Biden significantly outpaced Trump with mail-in voting in 2020 and despite claims by Trump and other members of the GOP, there was no evidence the contest was “rigged” or “stolen.”

When pressed by reporters about Republicans’ refusal to certify the 2020 election results, Hunt said it “looks very fishy” that Trump had an early lead, but Biden ultimately won. Hunt was not elected until 2022. 

“Before I went to bed that night, at 1 o’clock in the morning, President Trump was winning in Pennsylvania,” he said. “And then I woke up and he lost. That’s weird.”

The Biden campaign blasted the Trump campaign on Tuesday for having out-of-state surrogates headline the  Pennsylvania office opening. 

“Today, Byron Donalds and Wesley Hunt will continue their pathetic attempts to cover for Donald Trump’s broken promises and failed outreach to Black communities,” Democratic National Committee senior spokesperson Marcus W. Robinson said in a statement. “As president, Trump gave handouts to the ultra-wealthy and tried to rip away health care and slash affordable housing programs — all at the expense of working-class Black Americans. Donalds’ and Hunt’s desperate lies might help them pass Trump’s extreme MAGA litmus test, but it won’t make up for his disastrous agenda to put Black Americans last.” 

Trump has made three appearances in Pennsylvania so far in 2024, including one in February in Philadelphia to announce a new line of Trump-branded sneakers. His most recent visit to the state was for a rally in April in the Lehigh ValleyTrump rallied supporters in Wildwood, New Jersey in May to a crowd that included a plethora of Pennsylvanians.

Trump encouraged voting by mail during his Wildwood rally, but not during his Pennsylvania appearances in 2024. His ability to campaign was somewhat limited in recent weeks, as he was in a New York courtroom for his hush-money trial. On Thursday he was convicted on 34 felony counts, and is scheduled to be sentenced July 11.

Trump’s conviction was not a key point of discussion during the speeches at the office opening on Tuesday. 

The Biden campaign made two separate appearances in the Keystone State last week. On Wednesday, Biden and Vice President Kamala Harris rallied in Philadelphia to announce the launch of the Black Voters for Biden-Harris coalition. On Saturday, First Lady Jill Biden visited Pittsburgh and emphasized the importance of the 2024 election for LGBTQ rights at the city’s Pride celebration.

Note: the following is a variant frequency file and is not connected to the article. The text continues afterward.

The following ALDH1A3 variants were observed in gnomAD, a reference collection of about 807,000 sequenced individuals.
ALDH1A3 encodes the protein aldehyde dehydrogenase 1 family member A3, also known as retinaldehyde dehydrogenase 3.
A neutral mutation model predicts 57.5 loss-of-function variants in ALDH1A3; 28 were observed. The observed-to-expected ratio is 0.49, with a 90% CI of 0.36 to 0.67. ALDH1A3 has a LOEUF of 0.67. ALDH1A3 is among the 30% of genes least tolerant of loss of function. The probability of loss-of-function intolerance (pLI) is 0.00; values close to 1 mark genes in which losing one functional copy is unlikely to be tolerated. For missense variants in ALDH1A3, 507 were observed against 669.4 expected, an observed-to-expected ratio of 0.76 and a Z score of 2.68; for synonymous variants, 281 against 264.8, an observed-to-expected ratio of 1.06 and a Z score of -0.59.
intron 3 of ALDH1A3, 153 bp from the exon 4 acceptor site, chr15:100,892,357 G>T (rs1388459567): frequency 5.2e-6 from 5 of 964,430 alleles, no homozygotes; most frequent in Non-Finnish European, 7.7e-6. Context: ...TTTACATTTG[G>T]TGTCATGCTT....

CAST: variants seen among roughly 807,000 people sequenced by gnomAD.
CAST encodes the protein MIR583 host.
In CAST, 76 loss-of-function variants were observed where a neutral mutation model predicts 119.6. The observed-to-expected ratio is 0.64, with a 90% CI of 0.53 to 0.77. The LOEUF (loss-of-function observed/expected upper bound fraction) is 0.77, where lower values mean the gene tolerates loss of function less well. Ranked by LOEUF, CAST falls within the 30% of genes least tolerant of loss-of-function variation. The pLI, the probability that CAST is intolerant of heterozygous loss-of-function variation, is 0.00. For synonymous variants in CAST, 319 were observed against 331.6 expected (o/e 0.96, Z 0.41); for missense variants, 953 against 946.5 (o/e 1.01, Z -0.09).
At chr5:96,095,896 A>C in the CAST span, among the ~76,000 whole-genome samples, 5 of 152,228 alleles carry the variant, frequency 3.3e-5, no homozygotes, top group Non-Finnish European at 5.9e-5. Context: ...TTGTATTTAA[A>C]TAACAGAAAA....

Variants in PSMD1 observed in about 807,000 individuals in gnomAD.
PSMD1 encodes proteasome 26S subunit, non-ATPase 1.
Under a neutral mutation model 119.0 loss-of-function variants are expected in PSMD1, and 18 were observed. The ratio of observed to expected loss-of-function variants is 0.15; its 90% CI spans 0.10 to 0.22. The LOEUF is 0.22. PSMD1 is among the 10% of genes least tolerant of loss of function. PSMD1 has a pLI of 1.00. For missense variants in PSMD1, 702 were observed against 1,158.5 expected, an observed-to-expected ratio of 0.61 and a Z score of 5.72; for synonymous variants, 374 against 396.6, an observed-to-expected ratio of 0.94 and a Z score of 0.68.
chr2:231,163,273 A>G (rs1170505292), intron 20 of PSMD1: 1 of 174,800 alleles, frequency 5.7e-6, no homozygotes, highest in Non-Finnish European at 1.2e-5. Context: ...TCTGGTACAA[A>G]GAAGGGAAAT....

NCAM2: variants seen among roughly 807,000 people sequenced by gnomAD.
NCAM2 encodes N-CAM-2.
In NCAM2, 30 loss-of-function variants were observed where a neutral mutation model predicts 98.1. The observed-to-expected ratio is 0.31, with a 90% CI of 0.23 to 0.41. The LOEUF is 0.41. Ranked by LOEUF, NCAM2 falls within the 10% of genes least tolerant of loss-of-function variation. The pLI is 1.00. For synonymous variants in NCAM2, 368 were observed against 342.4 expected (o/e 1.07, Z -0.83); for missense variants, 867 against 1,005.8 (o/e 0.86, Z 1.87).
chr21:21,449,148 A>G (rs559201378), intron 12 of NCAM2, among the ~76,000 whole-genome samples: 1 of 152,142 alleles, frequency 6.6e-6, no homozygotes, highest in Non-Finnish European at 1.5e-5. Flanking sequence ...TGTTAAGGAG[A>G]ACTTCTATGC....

President Biden has visited Pennsylvania eight times in 2024 so far, while Harris has made five appearances. 

The Biden campaign has opened 24 coordinated offices in Pennsylvania in 2024, spread across the commonwealth, with three offices in the city of Philadelphia. 

Fenerty said Tuesday that the Trump campaign will have additional offices in other sections of the city and other parts of the state.

“Someone else said there’s a lot more Joe Biden offices than there are Donald Trump offices,” he said. “Well, people are going to jump on the Trump train and that locomotive is going to run them over. We’re going to open offices.” 

Following the office opening, Hunt was scheduled to participate at an event titled “Congress, Cognac, & Cigars” with U.S. Rep. Byron Donalds (R-FL), and former ESPN host Michele Tafoya to discuss how Black men’s votes would affect the election.

“We are talking about getting at least 25 to 30 percent of the Black male vote,” Hunt said to reporters on Tuesday evening. “That’s what we have to do.”

Donalds has been reported as a potential vice presidential candidate for Trump.

Pennsylvania Capital-Star is part of States Newsroom, a network of news bureaus supported by grants and a coalition of donors as a 501c(3) public charity. Pennsylvania Capital-Star maintains editorial independence. Contact Editor Kim Lyons for questions: info@penncapital-star.com. Follow Pennsylvania Capital-Star on Facebook and Twitter.

This article is republished from Pennsylvania Capital-Star under a Creative Commons license. Read the original article.